[theme-reviewers] Grandfather Themes?

Sayontan Sinha sayontan at gmail.com
Wed Jun 26 16:58:42 UTC 2013

As the author of a highly customizable theme framework myself, I have often
faced this situation where I have been forced to remove something that has
been a staple part of my theme for years. It has gotten so frustrating that
I have stopped updating my theme altogether because the effort to remove
something from the theme and then support thousands of users on my support
forum is just not worth it. The fact that my theme has had the second
highest number of downloads (behind Atahualpa) of all non-default themes
(i.e. TwentyTen, TwentyEleven etc.) just makes it worse. Hence I fully
sympathize with you.

During the last release I had to take out a bunch of shortcodes from the
theme in spite of 2 significant points:

   1. I had earlier built a plugin for the shortcodes just to support users
   moving away from the theme. Modularization has always been a strong suit of
   my theme, wherein any component that can cause issues upon switching themes
   is released as a plugin (These plugins are actually even mentioned on every
   page of my theme's site)
   2. All shortcodes anyway use my theme's slug as a prefix, and users
   would be consciously making the decision to include any shortcodes in their
   content. Moreover, some of the shortcodes I had were quite unique in
   facilitating layout options.

After a long debate where I realized the admins had made up their minds and
didn't want to consider any dissenting opinions, I removed the shortcodes
from the theme, and then all hell broke loose on the support forum. I knew
that some of the stuff was being used, but the true number of users of the
removed shortcodes only became apparent when the support queries hit.
Luckily my shortcodes plugin had already been in place for some time, so it
was just a question of pointing the users to the plugin. Regardless,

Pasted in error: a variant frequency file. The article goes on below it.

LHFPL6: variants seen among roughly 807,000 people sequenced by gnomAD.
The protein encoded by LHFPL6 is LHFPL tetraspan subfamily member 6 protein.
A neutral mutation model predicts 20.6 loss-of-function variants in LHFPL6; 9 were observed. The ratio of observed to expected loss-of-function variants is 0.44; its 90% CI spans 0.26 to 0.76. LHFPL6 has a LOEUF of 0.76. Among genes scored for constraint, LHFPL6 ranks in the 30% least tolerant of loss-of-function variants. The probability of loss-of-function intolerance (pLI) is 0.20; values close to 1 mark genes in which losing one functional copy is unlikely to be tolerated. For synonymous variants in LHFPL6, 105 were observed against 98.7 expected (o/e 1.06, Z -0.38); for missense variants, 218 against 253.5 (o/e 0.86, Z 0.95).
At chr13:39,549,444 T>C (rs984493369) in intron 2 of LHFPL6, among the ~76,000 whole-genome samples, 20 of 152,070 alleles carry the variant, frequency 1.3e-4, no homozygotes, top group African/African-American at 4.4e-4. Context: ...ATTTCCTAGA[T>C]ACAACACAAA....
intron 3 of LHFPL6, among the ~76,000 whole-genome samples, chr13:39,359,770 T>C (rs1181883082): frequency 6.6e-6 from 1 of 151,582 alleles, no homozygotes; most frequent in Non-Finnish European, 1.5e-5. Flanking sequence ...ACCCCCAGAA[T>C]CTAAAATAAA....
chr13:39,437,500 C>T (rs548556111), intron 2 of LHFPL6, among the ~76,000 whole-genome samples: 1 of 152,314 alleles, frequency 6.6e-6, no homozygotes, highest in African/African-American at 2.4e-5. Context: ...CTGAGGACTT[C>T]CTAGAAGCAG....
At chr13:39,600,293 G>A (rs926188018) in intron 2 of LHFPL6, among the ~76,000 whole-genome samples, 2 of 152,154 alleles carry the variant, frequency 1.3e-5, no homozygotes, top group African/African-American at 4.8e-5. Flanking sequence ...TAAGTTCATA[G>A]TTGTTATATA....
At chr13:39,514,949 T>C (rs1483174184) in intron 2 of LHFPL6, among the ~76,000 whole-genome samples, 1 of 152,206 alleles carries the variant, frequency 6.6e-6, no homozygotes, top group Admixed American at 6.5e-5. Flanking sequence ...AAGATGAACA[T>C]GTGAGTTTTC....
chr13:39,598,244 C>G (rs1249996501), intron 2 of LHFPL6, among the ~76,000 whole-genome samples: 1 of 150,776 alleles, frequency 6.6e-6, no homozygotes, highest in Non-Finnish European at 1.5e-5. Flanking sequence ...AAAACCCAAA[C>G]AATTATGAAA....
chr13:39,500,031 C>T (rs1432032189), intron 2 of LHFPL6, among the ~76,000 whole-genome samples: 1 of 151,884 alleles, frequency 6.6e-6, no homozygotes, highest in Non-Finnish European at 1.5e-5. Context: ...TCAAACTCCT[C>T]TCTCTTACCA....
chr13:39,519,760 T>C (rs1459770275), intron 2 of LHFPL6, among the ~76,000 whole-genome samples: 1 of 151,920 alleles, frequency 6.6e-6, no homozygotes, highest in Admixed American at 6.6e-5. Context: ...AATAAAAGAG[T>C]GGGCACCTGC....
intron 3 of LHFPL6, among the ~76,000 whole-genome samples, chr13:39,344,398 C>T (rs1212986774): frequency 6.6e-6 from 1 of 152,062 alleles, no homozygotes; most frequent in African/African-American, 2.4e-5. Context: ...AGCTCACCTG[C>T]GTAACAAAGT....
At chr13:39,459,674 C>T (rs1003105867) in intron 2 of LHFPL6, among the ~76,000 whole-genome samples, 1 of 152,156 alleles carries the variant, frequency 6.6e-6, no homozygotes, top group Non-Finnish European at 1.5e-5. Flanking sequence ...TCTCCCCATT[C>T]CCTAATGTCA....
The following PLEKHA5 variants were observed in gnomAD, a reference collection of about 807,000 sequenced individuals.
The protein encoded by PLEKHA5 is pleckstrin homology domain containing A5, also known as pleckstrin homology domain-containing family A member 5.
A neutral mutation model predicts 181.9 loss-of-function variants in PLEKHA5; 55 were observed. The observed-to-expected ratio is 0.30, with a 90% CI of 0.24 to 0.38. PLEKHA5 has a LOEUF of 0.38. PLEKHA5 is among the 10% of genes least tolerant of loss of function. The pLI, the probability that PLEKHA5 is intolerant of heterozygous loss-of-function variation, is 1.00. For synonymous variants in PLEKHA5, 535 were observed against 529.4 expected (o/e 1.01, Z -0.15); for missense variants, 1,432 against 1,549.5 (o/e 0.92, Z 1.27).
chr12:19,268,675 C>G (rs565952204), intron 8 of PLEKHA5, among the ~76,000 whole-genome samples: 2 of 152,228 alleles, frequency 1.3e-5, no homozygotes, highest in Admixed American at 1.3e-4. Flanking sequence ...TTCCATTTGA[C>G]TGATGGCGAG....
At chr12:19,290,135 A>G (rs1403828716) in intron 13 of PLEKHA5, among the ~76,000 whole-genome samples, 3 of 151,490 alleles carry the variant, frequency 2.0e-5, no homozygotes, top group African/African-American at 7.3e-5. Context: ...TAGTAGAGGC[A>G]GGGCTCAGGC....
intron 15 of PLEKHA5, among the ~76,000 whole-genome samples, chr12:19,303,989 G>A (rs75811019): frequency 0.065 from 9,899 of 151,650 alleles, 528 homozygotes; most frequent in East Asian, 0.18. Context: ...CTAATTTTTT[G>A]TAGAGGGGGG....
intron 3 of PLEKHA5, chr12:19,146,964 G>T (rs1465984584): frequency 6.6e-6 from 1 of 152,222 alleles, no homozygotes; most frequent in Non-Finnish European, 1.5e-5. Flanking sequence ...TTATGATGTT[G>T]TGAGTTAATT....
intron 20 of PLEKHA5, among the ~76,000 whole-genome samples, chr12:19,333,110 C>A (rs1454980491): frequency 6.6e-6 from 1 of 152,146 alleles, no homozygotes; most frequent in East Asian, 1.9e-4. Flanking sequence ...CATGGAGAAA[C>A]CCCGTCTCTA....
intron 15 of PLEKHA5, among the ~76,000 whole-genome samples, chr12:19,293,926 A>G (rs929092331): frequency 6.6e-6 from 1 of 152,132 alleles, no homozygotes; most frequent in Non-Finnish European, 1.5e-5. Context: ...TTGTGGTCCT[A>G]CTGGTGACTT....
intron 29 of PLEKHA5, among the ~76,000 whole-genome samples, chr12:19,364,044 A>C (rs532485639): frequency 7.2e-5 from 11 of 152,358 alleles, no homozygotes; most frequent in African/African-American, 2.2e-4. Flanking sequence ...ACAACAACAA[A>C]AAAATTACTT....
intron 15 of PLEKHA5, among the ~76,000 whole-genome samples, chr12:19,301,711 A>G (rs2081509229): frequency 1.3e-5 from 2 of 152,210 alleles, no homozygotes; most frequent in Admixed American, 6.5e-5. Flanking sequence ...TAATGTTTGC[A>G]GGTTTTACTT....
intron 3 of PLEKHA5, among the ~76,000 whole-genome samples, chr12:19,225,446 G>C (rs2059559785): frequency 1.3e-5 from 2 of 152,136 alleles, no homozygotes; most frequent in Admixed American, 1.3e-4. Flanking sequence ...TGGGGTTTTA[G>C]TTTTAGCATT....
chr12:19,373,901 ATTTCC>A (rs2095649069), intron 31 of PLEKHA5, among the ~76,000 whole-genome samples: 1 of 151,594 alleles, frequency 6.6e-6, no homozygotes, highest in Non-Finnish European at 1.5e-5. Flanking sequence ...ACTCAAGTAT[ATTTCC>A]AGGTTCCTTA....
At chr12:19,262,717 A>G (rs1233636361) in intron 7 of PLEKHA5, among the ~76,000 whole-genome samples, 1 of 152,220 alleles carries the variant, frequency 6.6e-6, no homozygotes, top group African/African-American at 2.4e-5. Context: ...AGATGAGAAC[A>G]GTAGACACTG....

dealing with the support was not really a picnic particularly with numbers
as large as my theme's user-base. But hey, that isn't the WPTRT's problem,
is it?

I am used to seeing the developers lose such battles because the themes
with the widest user-bases typically go against the WP philosophy
("Decisions not options"), and the decisions made on this forum typically
sideline such theme developers. So assuming that you will lose this debate,
I will offer you a suggestion: first, as suggested by prior posts, release
your shortcodes as a plugin. Then use the plugin activation code that Otto
offered on this forum some time back (it is pretty small, and a good
replacement for the TGM plugin activation code), and offer your plugin
through that on your theme's admin pages. Of course, this does nothing to
alleviate the pain you and your users face during the transition, but as I
said, the WPTRT doesn't think of that as a problem worthy of consideration.


On Wed, Jun 26, 2013 at 9:46 AM, Bruce Wampler <weavertheme at gmail.com>wrote:

> This is one way, but I'm pretty sure it will fail the RTFM test. It is
> very difficult to get the users to read anything.
> But, at least as an interim bridge, how about changing this idea a tiny
> bit.
> If I understand the overall reasoning, the main (only?) reason to disallow
> "plugin territory" features in a theme is the difficulties of switching to
> other themes.
> Why not allow themes to have "plugin territory" features IF the theme
> author also provides an alternative plugin that provides compatibility for
> those features to other themes?
> I did this for my Aspen theme - but the plugin doesn't work as nicely with
> other themes because of design and theme integration issues, but they come
> very close. (If you can't duplicate features of a shortcode in a regular
> plugin, does that take it out of plugin territory?)
> On Tue, Jun 25, 2013 at 2:16 PM, Chip Bennett <chip at chipbennett.net>wrote:
>> You could, of course, create your own Plugin that has such functionality.
>> Alternately, you could recommend existing Plugins for your users to use.
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Sayontan Sinha
http://mynethome.net | http://mynethome.net/blog
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